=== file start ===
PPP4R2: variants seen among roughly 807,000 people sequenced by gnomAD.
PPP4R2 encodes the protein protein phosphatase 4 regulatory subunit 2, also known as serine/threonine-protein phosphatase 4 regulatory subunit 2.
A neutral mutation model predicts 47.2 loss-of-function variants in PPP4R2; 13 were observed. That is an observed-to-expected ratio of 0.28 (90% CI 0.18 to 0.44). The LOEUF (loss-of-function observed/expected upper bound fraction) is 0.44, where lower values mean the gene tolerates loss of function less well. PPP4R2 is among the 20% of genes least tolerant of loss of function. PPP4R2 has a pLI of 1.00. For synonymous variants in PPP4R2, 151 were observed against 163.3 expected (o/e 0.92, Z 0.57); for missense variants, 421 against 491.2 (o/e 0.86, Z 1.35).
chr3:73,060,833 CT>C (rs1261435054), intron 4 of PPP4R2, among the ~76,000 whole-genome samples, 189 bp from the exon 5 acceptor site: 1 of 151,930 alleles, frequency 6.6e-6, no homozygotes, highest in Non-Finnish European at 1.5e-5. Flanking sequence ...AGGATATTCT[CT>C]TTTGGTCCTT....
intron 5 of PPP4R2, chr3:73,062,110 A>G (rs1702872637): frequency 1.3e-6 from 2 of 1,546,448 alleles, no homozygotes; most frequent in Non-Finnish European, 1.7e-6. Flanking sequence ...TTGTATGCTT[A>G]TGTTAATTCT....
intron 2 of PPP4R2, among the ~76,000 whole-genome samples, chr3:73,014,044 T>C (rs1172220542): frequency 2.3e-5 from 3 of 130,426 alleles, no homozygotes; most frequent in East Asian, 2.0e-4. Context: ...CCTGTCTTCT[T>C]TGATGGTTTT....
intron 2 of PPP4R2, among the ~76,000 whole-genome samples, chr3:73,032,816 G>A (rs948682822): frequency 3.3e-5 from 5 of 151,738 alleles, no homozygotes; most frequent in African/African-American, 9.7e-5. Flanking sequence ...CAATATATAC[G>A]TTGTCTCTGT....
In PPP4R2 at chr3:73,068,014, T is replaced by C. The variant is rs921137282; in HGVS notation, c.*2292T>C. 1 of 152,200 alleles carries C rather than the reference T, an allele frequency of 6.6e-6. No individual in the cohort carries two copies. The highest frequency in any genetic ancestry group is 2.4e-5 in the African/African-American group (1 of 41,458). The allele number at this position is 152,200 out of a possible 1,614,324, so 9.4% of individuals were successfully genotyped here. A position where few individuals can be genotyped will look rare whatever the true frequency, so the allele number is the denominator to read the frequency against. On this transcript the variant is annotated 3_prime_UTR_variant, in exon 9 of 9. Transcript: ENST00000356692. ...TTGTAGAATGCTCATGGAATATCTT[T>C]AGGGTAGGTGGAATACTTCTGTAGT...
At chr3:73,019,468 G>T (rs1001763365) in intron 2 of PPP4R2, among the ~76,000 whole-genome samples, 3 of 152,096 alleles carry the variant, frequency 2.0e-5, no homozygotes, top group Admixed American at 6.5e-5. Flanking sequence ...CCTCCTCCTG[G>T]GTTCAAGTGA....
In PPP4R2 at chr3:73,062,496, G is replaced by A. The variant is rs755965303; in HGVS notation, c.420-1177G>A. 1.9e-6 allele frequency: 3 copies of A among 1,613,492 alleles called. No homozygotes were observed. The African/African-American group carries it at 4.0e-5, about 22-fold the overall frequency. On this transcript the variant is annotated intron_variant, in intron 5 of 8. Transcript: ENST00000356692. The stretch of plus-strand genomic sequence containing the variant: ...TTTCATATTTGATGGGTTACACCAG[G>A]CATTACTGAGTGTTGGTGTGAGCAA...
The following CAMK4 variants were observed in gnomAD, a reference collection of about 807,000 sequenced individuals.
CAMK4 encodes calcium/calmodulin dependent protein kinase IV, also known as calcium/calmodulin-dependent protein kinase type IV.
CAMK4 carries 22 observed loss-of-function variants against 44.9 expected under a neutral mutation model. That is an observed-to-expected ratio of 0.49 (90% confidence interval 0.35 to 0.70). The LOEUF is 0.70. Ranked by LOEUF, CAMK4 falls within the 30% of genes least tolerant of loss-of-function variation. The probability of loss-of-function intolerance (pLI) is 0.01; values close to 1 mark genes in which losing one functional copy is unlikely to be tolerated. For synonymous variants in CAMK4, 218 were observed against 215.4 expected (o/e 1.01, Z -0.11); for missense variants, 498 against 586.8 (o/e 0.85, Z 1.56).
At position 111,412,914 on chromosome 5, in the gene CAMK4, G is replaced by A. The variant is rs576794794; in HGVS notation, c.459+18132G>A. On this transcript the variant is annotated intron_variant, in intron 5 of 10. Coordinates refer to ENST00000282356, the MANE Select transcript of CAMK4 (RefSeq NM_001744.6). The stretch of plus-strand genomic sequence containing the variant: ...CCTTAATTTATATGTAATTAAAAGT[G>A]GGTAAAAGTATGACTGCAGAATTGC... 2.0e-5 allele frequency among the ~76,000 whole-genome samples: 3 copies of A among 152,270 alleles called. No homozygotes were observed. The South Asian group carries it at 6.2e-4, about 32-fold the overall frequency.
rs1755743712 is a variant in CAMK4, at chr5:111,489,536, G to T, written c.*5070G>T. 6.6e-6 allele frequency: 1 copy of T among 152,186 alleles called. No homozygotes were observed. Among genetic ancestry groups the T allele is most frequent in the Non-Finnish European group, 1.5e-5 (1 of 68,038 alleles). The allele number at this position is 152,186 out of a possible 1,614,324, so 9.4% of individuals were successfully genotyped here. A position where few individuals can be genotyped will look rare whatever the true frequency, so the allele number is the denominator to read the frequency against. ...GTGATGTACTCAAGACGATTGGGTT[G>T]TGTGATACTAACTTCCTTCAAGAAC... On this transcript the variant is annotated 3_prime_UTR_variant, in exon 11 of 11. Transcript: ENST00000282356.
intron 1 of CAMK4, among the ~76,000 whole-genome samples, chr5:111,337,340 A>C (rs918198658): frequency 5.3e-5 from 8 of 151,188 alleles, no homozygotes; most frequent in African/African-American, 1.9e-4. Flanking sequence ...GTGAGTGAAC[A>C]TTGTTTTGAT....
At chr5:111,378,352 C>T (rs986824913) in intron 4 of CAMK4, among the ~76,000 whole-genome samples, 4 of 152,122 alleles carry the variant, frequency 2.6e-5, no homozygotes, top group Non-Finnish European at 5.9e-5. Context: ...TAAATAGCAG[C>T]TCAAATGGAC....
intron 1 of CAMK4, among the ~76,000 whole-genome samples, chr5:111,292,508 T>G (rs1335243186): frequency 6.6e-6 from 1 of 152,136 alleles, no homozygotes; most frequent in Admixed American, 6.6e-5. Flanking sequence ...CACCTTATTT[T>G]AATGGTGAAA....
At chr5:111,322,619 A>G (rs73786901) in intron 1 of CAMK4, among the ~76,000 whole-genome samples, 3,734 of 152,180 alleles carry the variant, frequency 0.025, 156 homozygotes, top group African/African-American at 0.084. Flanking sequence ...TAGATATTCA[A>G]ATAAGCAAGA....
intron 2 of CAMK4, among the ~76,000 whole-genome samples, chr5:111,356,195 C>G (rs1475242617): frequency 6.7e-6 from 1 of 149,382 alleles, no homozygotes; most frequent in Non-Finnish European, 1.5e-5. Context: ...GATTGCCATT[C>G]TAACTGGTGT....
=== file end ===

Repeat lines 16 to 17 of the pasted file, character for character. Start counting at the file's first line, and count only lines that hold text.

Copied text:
intron 1 of CAMK4, among the ~76,000 whole-genome samples, chr5:111,337,340 A>C (rs918198658): frequency 5.3e-5 from 8 of 151,188 alleles, no homozygotes; most frequent in African/African-American, 1.9e-4. Flanking sequence ...GTGAGTGAAC[A>C]TTGTTTTGAT....
At chr5:111,378,352 C>T (rs986824913) in intron 4 of CAMK4, among the ~76,000 whole-genome samples, 4 of 152,122 alleles carry the variant, frequency 2.6e-5, no homozygotes, top group Non-Finnish European at 5.9e-5. Context: ...TAAATAGCAG[C>T]TCAAATGGAC....